This is my every day: breaking the bad news, reminding people of their mortality, and reassuring them I'd do my best to care for them. Dr. Bishal Gyawali's essay reminds us to connect with our patients' humanity. And nothing confronts a person with his humanity as when he is faced with the reality of death and dying. Dr. Gyawali offers a peculiar insight on the beautiful intricacies of cultural differences in how patients and physicians from Canada, Nepal, and Japan approach bad news. In my brief medical career, I have worked in quite a few different countries. I went to medical school in Nepal, where I was born and raised. I then went to Japan in 2012 to train in medical oncology. Five years later, in 2017, I returned to Nepal to work as a medical oncologist before moving to Boston, Massachusetts, for a research fellowship in cancer policy in 2018. I now live and work in Kingston, Ontario, Canada, having moved here from Boston in early 2019. He continues: Althou
When the going gets tough, I wear sneakers to work. I bought this pair almost at a whim after a long day of walking in Seoul. My feet hurt. I saw a nearby store that sold cheap shoes. They worked wonders.
From Paradox Uganda, one of my favorite blogs , a continual source of encouragement for me: In Bundibugyo, the Paeds ward is a centrifuge that applies a centripetal force upon all the misery of the world and distills it down into the bodies of dozens and dozens of small people. This beautiful place, like all others on our planet, has a hidden brokenness. As we round the mountain curves to return home, I see the smooth amazing pavement which has replaced one of the most difficult roads in the world. I see the outlines of palms and the vibrant green of banana trees, testaments to rainfall and abundance. I see songbirds and sunsets, hear laughter, creativity, resilience, commitment. But spin the globe a few times, and then enter the ward to see what settles out. Malaria, malaria, malaria, and the nurse tells me they lost one last night because the quick-acting and effective artesunate is out of stock. My first patient is a newly admitted 4-year-old, gathered on the floor on a mat
Reading fiction facilitates my technical writing—or so I like to delude myself. In this sense, I like to alternate between the two categories of material. I remember that the same method is employed by George Saunders, a fine short story writer who happens to be a geophysical engineer, too! After finishing more than half of the Elena Ferrante novel, I spend my Sunday evening writing the manuscript for a technical paper. It's not an easy process, but it's made easier by my remembrance of Elena and Lina. Marginalia using broad nib, Pilot Custom 74, Diamine Chrome ink.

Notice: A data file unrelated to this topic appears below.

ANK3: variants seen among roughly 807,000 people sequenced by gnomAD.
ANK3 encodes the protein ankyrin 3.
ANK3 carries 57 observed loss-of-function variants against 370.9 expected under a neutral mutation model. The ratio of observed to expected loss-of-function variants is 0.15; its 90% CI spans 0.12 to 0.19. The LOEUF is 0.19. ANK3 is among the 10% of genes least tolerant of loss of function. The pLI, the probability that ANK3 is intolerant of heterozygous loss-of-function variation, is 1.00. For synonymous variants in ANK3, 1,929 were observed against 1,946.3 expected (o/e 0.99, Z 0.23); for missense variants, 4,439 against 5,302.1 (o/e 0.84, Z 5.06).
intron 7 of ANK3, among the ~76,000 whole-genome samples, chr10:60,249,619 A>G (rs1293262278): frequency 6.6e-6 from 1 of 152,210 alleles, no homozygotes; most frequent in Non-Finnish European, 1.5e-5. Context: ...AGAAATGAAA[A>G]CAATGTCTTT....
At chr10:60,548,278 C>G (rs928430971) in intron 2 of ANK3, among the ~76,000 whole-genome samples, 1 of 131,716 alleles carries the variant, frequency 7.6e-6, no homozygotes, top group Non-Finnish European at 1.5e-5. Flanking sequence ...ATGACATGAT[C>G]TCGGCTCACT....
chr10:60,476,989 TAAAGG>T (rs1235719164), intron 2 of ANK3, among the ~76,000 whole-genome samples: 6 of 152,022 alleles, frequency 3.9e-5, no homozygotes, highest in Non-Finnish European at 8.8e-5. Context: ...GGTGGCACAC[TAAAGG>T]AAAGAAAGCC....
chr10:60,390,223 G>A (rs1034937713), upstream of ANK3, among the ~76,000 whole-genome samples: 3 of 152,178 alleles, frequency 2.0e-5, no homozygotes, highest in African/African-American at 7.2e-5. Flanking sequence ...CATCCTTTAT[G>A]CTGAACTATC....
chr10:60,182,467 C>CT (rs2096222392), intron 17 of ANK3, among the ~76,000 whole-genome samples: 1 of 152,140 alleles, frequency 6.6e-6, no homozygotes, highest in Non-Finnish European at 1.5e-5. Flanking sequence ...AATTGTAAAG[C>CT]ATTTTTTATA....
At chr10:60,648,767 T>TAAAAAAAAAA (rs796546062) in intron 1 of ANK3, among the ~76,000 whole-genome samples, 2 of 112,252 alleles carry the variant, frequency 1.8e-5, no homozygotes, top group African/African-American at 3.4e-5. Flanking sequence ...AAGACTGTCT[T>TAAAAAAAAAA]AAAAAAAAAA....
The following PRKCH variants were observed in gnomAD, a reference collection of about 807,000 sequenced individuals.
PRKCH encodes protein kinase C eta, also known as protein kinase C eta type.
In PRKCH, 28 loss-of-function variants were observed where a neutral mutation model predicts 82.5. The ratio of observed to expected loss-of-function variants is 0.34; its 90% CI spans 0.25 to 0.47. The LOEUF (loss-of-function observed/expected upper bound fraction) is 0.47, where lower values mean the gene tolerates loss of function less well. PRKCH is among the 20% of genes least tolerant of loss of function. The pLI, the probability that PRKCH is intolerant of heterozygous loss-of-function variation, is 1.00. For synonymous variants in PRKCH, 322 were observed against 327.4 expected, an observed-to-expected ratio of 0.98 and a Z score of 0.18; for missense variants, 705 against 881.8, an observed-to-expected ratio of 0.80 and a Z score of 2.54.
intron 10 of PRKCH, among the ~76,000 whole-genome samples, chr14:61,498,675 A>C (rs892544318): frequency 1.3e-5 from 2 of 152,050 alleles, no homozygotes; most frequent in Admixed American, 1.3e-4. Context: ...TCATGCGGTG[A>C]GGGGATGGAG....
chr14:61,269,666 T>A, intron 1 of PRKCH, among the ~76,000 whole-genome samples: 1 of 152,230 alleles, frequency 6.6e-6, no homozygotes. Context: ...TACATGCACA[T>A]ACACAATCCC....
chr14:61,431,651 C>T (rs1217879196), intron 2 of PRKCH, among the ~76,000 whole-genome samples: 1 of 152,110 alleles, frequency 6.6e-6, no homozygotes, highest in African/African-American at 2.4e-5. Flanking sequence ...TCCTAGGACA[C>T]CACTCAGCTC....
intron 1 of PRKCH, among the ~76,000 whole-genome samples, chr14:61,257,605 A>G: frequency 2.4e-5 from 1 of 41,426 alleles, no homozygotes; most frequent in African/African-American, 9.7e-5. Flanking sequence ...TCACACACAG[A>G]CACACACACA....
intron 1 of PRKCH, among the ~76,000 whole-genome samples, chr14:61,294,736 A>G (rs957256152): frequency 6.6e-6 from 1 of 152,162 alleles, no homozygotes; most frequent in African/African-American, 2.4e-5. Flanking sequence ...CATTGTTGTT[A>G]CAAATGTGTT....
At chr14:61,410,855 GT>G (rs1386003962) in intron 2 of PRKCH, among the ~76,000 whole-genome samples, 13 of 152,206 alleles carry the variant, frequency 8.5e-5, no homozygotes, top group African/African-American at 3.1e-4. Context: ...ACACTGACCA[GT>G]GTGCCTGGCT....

The last time I stayed this long in bed—say, five to six hours, give or take—after waking up was, to be honest, a long time ago. So distant was the memory that I couldn't even remember. Yesterday, however, with the gloom and drizzle outside, and with the recent conclusion of the medical students' oncology module which I helped coordinate, I started my morning at 6 am with a fresh cup of brewed coffee, and, still in my pajamas, grabbed two books from my shameful but proud tsundoku pile. The first was The Science Fiction Hall of Fame Volume I (Avon Publishers, 1971), edited by Robert Silverberg, lent to me one of my mentors, Dr. Ding Fernando, a few months ago. The second was Those Who Leave and Those Who Stay by Elena Ferrante, book three of the Neapolitan novels, which I also bought many months ago. It was perhaps the closest I've ever gotten to an actual shopping spree—I bought all the Ferrantes at National Bookstore, fearing I may not see them in stock again. As wi
I'm presenting a paper at the ASCO Breakthrough in Bangkok next month. I was asked for my Twitter handle during registration—how cool was that? It will be printed on my badge. This goes to show that social media is here to stay, and it is best that clinicians and researchers make use of this platform. (In case you're interested in all things oncologic, you can follow me at @ lanceoncology .) I maintain two Twitter accounts—@ bottledbrain , which is more personal and private, and @ lanceoncology, which is technical, academic, and public. I use the first account to follow the news, engage with friends, and write miscellaneous realizations. In my younger days, I may have inserted a few rants. (Forgive the ignorance of my youth.) I use the latter to monitor the current developments in medical oncology, tweet key points of the the conferences I'm attending (it also helps keep sleepiness at bay), and follow researchers from all over the world whom I've met and admired.
via Instagram As I count the months towards the end of clinical fellowship, allow me to share a favorite group portrait during our foray in Seoul where we shared our research findings at the Korean Cancer Association meeting. I’ve been blessed beyond measure to have worked with these men. @k.momdragon, our leading lady, wellspring of compassion, mother of the sweetest girl in Manila, our source of estrogen and testosterone, deserves a separate citation.
While watching Weathering With You (天気の子) in cinema, yet another film by Makoto Shinkai—whose masterpiece, Your Name (君の名は), I had just watched this weekend—it was raining outside. I once wrote that I used to love the rain until I lived in Metro Manila, where it translates to massive traffic jams and deadly cases of leptospirosis, but, when I think about it now, I still love the rainy weather. It reminds me of childhood when, trapped inside the house, I would play with my brothers and read the story book, "Who Made the Angels Cry?"—which was about a rabbit who stole a cookie from a jar. Weathering With You is beautiful. I want to watch it again.